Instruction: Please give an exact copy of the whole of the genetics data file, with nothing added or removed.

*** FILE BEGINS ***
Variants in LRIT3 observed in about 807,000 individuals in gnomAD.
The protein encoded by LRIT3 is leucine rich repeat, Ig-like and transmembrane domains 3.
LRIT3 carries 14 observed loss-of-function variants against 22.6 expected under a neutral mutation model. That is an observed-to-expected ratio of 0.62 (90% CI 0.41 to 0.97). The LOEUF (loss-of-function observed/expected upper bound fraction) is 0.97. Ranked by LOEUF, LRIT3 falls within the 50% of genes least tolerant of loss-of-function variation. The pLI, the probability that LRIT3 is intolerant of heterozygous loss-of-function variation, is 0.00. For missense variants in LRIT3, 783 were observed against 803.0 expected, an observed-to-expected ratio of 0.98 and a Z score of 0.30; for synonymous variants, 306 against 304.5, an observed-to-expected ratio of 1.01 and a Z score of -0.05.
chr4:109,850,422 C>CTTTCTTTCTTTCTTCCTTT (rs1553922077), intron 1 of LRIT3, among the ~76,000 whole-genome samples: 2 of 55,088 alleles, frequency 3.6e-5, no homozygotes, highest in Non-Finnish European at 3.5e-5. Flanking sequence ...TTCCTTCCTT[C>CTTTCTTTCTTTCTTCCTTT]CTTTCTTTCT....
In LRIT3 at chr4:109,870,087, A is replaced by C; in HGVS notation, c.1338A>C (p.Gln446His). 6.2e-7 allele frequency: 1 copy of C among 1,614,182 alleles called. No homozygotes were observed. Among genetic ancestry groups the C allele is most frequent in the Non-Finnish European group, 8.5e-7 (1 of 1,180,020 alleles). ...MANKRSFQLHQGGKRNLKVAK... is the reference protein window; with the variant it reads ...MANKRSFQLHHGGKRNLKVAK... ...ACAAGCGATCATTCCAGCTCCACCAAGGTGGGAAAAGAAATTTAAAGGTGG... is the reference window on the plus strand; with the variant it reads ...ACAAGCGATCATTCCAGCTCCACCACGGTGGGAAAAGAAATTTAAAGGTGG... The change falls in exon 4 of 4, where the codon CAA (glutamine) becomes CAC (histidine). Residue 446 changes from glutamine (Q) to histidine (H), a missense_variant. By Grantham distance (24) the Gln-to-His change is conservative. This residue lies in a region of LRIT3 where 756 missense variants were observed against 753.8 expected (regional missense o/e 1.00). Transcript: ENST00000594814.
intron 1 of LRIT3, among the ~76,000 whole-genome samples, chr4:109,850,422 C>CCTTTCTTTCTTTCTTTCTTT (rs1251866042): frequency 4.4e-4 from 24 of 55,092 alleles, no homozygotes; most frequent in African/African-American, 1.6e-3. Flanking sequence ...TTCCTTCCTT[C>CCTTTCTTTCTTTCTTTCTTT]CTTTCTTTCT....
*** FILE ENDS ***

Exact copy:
Variants in LRIT3 observed in about 807,000 individuals in gnomAD.
The protein encoded by LRIT3 is leucine rich repeat, Ig-like and transmembrane domains 3.
LRIT3 carries 14 observed loss-of-function variants against 22.6 expected under a neutral mutation model. That is an observed-to-expected ratio of 0.62 (90% CI 0.41 to 0.97). The LOEUF (loss-of-function observed/expected upper bound fraction) is 0.97. Ranked by LOEUF, LRIT3 falls within the 50% of genes least tolerant of loss-of-function variation. The pLI, the probability that LRIT3 is intolerant of heterozygous loss-of-function variation, is 0.00. For missense variants in LRIT3, 783 were observed against 803.0 expected, an observed-to-expected ratio of 0.98 and a Z score of 0.30; for synonymous variants, 306 against 304.5, an observed-to-expected ratio of 1.01 and a Z score of -0.05.
chr4:109,850,422 C>CTTTCTTTCTTTCTTCCTTT (rs1553922077), intron 1 of LRIT3, among the ~76,000 whole-genome samples: 2 of 55,088 alleles, frequency 3.6e-5, no homozygotes, highest in Non-Finnish European at 3.5e-5. Flanking sequence ...TTCCTTCCTT[C>CTTTCTTTCTTTCTTCCTTT]CTTTCTTTCT....
In LRIT3 at chr4:109,870,087, A is replaced by C; in HGVS notation, c.1338A>C (p.Gln446His). 6.2e-7 allele frequency: 1 copy of C among 1,614,182 alleles called. No homozygotes were observed. Among genetic ancestry groups the C allele is most frequent in the Non-Finnish European group, 8.5e-7 (1 of 1,180,020 alleles). ...MANKRSFQLHQGGKRNLKVAK... is the reference protein window; with the variant it reads ...MANKRSFQLHHGGKRNLKVAK... ...ACAAGCGATCATTCCAGCTCCACCAAGGTGGGAAAAGAAATTTAAAGGTGG... is the reference window on the plus strand; with the variant it reads ...ACAAGCGATCATTCCAGCTCCACCACGGTGGGAAAAGAAATTTAAAGGTGG... The change falls in exon 4 of 4, where the codon CAA (glutamine) becomes CAC (histidine). Residue 446 changes from glutamine (Q) to histidine (H), a missense_variant. By Grantham distance (24) the Gln-to-His change is conservative. This residue lies in a region of LRIT3 where 756 missense variants were observed against 753.8 expected (regional missense o/e 1.00). Transcript: ENST00000594814.
intron 1 of LRIT3, among the ~76,000 whole-genome samples, chr4:109,850,422 C>CCTTTCTTTCTTTCTTTCTTT (rs1251866042): frequency 4.4e-4 from 24 of 55,092 alleles, no homozygotes; most frequent in African/African-American, 1.6e-3. Flanking sequence ...TTCCTTCCTT[C>CCTTTCTTTCTTTCTTTCTTT]CTTTCTTTCT....